• Time in Stage. When looking at time in stage across your entire organization and coupled with department or industry benchmarks, you can ensure your team is moving fast enough to close the right candidates. 

Each of these datasets can be sliced and presented based on the specific question you’re trying to answer. Do you want to know how passive candidates performed in sales interviews? Cut this data by team and source of candidate. 

I’ve found that context is hugely important here and comparing across teams, recruiters, locations, or with industry benchmarks you can get a lot of powerful information about your interview process. 

Get deeper visibility into your hiring data

The beauty of BrightHire is that it will help you fill in the gaps by giving you additional insights into what’s happening in the actual interview room. 

Through BrightHire, you can get interview data that allows you to: 

  • Monitor interview consistency to surface meaningful variations in how interviewers are running the same interview.
  • Track interviewer load and capacity to avoid interviewer fatigue.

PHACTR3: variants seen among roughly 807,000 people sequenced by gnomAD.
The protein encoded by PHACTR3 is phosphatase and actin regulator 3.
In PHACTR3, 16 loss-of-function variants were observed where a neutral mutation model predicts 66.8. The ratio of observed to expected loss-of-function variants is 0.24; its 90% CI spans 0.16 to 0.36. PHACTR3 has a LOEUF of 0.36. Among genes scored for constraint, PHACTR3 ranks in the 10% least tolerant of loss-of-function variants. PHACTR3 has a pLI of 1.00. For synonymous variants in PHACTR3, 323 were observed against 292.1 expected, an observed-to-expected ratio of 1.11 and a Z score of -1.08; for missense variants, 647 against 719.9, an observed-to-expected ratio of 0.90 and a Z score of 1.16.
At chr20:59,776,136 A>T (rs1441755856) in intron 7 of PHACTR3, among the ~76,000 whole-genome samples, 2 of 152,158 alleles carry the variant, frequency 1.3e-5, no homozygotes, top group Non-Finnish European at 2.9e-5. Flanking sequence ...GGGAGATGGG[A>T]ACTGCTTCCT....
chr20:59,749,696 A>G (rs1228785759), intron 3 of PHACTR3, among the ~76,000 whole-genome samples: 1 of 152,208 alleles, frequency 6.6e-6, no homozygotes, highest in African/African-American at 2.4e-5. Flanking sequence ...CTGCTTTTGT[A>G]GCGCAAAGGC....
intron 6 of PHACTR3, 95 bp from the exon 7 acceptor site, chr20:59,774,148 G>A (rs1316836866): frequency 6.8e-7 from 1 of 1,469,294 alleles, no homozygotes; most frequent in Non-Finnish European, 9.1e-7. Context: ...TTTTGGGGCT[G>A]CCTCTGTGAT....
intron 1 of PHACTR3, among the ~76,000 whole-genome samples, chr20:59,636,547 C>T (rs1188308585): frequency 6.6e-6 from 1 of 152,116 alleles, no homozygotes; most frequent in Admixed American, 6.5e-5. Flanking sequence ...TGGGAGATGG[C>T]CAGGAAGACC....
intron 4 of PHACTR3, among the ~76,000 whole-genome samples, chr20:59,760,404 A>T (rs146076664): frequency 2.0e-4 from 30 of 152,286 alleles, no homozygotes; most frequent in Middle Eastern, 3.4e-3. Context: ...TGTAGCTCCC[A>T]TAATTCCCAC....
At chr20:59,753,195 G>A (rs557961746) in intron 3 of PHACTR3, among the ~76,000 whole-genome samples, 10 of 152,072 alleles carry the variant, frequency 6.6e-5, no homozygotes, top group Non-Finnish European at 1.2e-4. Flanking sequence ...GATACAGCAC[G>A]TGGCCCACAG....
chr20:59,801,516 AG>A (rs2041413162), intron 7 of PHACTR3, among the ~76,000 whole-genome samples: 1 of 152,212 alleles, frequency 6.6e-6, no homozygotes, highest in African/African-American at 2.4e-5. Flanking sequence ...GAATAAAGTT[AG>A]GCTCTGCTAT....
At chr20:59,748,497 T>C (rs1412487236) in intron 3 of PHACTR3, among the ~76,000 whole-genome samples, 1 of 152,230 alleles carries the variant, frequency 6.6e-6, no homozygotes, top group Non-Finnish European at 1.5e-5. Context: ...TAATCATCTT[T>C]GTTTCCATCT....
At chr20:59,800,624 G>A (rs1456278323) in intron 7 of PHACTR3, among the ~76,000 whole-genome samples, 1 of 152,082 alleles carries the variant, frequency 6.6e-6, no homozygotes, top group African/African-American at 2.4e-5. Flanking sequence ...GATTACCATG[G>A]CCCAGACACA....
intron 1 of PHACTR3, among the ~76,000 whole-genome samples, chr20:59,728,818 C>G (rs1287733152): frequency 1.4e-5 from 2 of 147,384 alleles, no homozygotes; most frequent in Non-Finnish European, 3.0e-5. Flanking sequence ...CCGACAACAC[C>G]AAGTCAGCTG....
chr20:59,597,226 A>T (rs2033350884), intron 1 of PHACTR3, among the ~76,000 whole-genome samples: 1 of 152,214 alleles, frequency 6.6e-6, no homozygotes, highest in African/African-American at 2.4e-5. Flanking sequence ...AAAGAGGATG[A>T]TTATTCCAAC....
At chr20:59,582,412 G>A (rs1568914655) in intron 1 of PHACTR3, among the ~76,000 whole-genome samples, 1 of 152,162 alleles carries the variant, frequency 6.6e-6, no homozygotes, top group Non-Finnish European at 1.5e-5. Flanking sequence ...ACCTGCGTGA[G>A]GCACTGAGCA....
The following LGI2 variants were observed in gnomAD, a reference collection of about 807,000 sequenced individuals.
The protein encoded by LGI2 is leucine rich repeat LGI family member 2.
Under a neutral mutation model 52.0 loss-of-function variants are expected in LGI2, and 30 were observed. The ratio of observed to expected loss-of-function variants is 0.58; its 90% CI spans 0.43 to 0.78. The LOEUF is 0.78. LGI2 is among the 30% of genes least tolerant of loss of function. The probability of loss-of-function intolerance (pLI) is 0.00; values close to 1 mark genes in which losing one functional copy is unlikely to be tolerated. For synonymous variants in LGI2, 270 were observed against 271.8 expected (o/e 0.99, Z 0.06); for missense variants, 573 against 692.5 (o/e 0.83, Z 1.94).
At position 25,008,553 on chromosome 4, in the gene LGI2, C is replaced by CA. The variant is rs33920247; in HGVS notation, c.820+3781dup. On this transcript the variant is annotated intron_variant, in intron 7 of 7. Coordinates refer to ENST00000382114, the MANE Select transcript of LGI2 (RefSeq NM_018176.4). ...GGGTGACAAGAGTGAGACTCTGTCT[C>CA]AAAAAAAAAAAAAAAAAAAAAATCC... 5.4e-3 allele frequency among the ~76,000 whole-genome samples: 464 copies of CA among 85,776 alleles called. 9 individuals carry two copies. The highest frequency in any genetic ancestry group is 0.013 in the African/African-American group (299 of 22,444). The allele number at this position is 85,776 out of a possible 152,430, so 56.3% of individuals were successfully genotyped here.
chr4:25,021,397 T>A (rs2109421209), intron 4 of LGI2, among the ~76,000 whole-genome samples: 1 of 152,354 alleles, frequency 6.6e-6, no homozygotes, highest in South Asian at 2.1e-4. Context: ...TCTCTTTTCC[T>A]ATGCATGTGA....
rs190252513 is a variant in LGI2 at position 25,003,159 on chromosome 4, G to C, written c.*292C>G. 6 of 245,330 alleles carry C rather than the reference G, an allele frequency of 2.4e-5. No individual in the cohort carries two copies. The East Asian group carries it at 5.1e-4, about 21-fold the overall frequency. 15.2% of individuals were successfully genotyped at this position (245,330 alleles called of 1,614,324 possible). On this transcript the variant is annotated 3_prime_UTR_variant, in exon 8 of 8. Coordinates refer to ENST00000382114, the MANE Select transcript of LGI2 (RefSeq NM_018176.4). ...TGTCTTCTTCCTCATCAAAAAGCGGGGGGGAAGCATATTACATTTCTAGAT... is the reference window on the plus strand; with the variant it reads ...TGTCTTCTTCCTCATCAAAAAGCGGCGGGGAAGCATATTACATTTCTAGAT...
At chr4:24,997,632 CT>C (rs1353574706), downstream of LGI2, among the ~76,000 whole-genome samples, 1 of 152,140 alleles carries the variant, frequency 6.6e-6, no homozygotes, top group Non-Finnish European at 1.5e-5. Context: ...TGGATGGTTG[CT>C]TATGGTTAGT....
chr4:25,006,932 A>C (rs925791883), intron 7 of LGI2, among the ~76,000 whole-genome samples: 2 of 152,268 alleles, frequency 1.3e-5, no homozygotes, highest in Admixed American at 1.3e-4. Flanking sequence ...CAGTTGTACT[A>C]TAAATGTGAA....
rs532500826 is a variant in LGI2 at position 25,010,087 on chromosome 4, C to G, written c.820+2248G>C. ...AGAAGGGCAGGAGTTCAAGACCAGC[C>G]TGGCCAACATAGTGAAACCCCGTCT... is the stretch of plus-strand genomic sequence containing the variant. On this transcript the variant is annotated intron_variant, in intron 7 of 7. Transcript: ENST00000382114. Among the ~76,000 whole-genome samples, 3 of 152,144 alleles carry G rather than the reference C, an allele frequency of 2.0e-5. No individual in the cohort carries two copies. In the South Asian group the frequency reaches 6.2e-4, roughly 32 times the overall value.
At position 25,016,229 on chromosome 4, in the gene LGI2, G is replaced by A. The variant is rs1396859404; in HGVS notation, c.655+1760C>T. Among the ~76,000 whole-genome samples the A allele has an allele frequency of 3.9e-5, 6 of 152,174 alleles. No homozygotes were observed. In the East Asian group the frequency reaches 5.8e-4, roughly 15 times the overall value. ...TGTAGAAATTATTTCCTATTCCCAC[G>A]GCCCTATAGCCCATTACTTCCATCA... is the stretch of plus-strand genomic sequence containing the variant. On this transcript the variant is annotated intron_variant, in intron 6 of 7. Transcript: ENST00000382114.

• Spot opportunities for interviewer coaching, like giving candidates appropriate time to talk and encouraging healthy interaction.
  • Encourage fair interviews by evaluating if the way they’re conducted varies significantly by gender.
  • Ensure a great candidate experience by tracking on-time starts, key topics, and questions asked in interviews. 

About Amy Wood 

Amy has been in the recruiting space for the past 15 years, and spent the majority of that time leading various Recruiting, Operations, and Technology teams at HubSpot and Gem. Currently, she leads the People and Talent Technology and Operations team at Apollo. She is passionate about data, process, and automation in all of her day to day work.